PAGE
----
An Approach to Failure: Wall St. v Silicon Valley

There are many different verticals to draw comparisons between Wall Street and Silicon Valley. It could be schedule, structure, culture, etc. – they really are endless. However, I don’t think there is any more insightful then this: their respective approaches to failure.

Definition of Failure

Let me be very clear about what I mean by failure. Failure is temporary – it is execution that did not go as planned. When failure becomes permanent, it is defeat – but that’s not what we are talking about. We are talking about temporary failure – with the chance to correct. You get it wrong once; you edit, tweak and revamp. Launch it again, and it works – that is success, not failure (although arguably you failed along the way, but it was only temporary)

Wall Street’s Approach to Failure

If Wall Street were baseball it would be a very peculiar game – one strike, you’re out. Even more peculiar then that, you usually have to hit one or two homeruns before you’re even allowed to step up to bat. Failure is not tolerated. New analysts have the same credo drilled into their brains no matter where they begin their career – check it once, check it twice, and check it again. Handing in work that has an off number, incorrect formula or other deficiency isn’t temporary – it can put a black mark beside your name for a long time.

This practice of punitive failure results in one of two things. Firstly, the person may become a perfectionist – work takes forever to get published/distributed because it needs to be checked three times by the person, three times by the desk, three times by legal, another time by the desk, two times by compliance, another time by the person, then one more time by legal – then it’s sent out. That’s the old joke about research – once its research, its history.

A second habit can form – the individual becomes locked in execution paralysis. They can’t get anything real done because they fear something will be wrong with it, and they will be penalized. Therefore they exist by just moving things around, doing busy work and never actually creating anything.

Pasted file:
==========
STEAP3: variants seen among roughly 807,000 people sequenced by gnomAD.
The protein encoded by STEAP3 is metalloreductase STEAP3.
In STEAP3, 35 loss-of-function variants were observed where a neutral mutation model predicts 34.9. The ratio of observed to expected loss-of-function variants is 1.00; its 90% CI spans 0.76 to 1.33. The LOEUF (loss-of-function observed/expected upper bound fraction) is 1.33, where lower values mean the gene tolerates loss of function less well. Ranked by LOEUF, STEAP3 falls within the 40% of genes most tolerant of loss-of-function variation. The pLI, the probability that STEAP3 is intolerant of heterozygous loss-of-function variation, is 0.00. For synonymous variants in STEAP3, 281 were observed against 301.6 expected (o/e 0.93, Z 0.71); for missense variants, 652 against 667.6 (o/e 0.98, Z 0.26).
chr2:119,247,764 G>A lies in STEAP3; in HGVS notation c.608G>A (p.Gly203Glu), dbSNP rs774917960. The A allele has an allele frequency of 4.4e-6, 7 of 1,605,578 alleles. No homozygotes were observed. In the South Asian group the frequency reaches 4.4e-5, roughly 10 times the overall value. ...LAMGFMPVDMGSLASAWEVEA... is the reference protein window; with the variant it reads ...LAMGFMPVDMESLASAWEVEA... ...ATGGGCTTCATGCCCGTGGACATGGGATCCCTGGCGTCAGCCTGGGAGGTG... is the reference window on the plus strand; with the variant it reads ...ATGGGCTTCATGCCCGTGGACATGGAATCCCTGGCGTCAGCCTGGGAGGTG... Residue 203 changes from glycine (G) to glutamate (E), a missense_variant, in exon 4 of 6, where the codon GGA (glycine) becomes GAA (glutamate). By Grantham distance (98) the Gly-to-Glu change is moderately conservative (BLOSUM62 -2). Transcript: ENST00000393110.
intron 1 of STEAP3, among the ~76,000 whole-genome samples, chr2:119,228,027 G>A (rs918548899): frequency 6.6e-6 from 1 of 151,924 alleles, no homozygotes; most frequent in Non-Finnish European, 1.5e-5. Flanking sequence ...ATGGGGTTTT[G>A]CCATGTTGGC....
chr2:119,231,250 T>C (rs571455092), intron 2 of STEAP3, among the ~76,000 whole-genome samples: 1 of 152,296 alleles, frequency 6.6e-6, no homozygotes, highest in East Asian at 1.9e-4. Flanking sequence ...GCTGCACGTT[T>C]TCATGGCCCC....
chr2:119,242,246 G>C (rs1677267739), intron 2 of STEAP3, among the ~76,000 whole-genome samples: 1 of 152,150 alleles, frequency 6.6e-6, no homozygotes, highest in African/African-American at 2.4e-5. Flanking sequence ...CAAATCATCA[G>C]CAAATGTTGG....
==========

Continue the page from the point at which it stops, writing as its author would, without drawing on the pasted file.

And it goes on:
Silicon Valley’s Approach to Failure

Silicon Valley lies on the other end of the spectrum. Most companies encourage ‘rapid failure’ as a means to prototyping – that’s why Google’s products are in perpetual beta mode – they have an excuse as to why something might not work, it’s in beta! This rapid failing allows companies to rapidly test different products in the market place, and adjust at a much faster rate until they end up with the final product. They are much more agile when it comes to execution and delivery.

Comparing the Two

When comparing the two, first let me state my conclusion: Silicon Valley has a better approach than Wall Street – a culture that accepts failure as a step on the path to success will inevitably win over the long run. However, Wall Street isn’t the way it is out of pure adherence to the status quo. Admittedly, a mistake on a research report can cost a firm a lot more than just money – a loss of reputation, faith and trust. However, where Wall Street makes the mistake is that they apply this credo in a blanket across the firm – even to areas where it is not best suited. In my opinion, the best attitude towards failure would be like a good mixed drink – where the two spirits complement each other. Here’s my recipe for a strong, balanced approach to failure:

  • 4 parts Silicon Valley
  • 1 part Wall Street
  • Shake gently, pour over ice, serve with a garnish of humility (as we could all use a little of that!)

Now that’s something I can toast to.

Blair Livingston’s Blog


One thought on “An Approach to Failure: Wall St. v Silicon Valley

  1. This is the key to your post “However, where Wall Street makes the mistake is that they apply this credo in a blanket across the firm – even to areas where it is not best suited. ”

    Wall Street mistakes can be costly as we have seen first hand in the past few years. However, at the same time, junior people learn to live in fear rather then in a state of perpetual creativity. The challenge is, that in silicon valley, creativity is used to improve a process or a product … sometimes life as we know it. In wall street, creativity is rarely used on improving the clients life. It is normally used to find new ways to make money at the client’s expense.

    How do your encourage and reward creativity that is good for a firm’s clients? Especially in an age-dominated by profits and net margin. That will be a question that many wall street firms will have to ponder on as the world around them changes.

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